Listening to Residents Helps Everyone The Suggestion Box

When it comes to questions of home and hearth, even the best of friends may argue. So it should come as no shock when co-op and condo associations, boards and residents fall into disagreements. It's what's done to settle or hopefully prevent these disagreements that can make all the difference in the world.

As with marriage or any relationship, good communication can go a long way in preventing disagreements—or at least stopping them from getting out of hand. "People have an inherent need to live in harmony," says Peter Glanvill of Wilkin Management Group in Mahwah. "The old adage that the root cause of all problems is broken communication is true."

Listen First, Talk Later

Every community, no matter how well run, will have resident complaints. Homeowners may have issues with a neighbor, or with groundskeeping, or with an unexpected assessment. The single most important way to prevent those issues from escalating is for associations and boards to listen. "It's almost a philosophy that a homeowner's association must adopt," Glanvill says. "It's not as simplistic as saying, 'let's talk.' It's a realization that board members and residents both have the best interests of the community at heart. It should start from there."

One way to reduce the number of resident issues is to ensure that everyone understands the rules and regulations of the community. "Most problems arise from rules and regulation enforcement and interpretation," says attorney David Byrne of Stark & Stark in Lawrenceville. "And also from confusion over who's responsible for what."

Associations will save themselves a lot of headaches by making sure that residents have read and understand the bylaws and know what their responsibilities are in terms of taking care of their own property and needs. "The more transparent board members can be with residents in their daily operations, the better their chance of avoiding problems," Glanvill says.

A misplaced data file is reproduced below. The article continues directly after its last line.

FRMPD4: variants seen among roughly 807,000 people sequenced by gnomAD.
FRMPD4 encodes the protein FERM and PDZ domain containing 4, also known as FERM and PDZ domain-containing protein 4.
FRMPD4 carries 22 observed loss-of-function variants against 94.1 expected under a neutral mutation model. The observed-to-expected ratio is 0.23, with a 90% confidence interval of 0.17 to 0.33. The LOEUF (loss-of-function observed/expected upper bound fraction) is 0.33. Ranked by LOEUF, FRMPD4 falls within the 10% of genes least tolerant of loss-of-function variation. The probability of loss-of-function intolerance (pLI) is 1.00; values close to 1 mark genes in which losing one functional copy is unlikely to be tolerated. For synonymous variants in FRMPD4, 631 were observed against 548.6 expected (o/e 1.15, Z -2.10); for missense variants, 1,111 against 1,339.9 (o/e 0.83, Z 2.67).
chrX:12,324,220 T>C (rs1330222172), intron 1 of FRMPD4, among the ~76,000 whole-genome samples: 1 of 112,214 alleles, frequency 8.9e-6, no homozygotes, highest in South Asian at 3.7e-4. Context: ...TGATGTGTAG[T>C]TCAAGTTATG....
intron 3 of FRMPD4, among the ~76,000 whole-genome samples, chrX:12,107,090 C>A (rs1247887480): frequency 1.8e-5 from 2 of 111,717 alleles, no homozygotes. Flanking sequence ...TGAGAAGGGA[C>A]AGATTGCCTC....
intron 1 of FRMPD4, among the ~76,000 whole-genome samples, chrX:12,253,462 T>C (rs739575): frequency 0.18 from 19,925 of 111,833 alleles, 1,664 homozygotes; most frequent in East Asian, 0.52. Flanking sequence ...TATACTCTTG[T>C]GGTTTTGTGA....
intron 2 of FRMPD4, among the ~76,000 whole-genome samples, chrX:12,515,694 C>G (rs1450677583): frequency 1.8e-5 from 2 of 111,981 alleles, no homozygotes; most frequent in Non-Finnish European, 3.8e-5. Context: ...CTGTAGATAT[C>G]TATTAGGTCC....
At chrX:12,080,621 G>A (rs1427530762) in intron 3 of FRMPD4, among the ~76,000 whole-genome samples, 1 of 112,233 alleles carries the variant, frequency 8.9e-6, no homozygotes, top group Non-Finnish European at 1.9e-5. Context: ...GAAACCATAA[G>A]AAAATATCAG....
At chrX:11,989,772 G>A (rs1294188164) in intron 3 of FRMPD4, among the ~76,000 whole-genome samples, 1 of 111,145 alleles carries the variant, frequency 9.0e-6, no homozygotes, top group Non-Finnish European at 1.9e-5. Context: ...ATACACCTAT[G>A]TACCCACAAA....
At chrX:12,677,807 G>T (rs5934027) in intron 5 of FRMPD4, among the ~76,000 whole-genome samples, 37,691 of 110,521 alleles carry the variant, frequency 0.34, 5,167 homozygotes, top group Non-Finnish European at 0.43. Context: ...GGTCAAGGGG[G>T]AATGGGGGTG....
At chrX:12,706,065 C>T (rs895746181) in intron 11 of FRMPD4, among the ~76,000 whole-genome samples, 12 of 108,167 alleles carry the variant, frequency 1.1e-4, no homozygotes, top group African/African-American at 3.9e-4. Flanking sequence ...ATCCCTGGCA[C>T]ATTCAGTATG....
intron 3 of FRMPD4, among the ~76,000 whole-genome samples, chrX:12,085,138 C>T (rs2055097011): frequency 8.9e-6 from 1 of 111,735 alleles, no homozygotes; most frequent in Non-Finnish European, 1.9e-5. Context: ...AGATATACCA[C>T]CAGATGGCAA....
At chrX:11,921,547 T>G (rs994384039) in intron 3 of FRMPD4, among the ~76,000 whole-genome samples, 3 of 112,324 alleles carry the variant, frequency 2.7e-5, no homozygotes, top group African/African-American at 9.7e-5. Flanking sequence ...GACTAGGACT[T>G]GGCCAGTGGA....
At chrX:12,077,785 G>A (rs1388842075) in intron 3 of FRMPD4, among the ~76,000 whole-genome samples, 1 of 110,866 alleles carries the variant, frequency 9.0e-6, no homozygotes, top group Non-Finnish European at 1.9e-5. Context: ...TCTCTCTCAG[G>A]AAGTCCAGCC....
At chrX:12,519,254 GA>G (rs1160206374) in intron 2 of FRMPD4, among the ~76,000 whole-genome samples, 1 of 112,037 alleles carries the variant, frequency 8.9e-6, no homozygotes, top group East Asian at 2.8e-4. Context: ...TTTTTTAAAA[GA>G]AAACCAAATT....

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Comments

  • What can be done to ENSURE that people know about the community they are buying into and understand the rules and restrictions BEFORE they've purchased? Many people have no clue about community rules and restrictions until after they've closed and moved in. It seems there should be some sort of law that requires a meeting with the board, or association legal counsel to explain and sign off on the documents beforehand. Buyers never see the rules when they are looking. There is also an issue of community "culture" that is important. For instance single owners who are looking for a lively party atmosphere may feel very restricted in a more family oriented, quiet community and there will eventually be friction. A person who is looking for a carefree lifestyle, and wants a high degree of privacy may be devastated to find out that he/she's moved into a small self managed association where community chore days are and participation on the board are essential to keep the property maintained and management business tended to. We require disclosure about construction defects and issues with the property - there should be full disclosure about rules, responsibilities and restrictions of living in a community, and some sort of information as to the cultural climate of the neighborhood. There should also be an explanation that board members are community volunteers, and not professional managers. Should you move into a community where there are no interested or qualified candidates to fill board positions it could be a financial and emotional disaster. Ensuring there is understanding on both sides BEFORE a purchase is closed would eliminate probably 90% of the issues, and lots of heartache for buyers.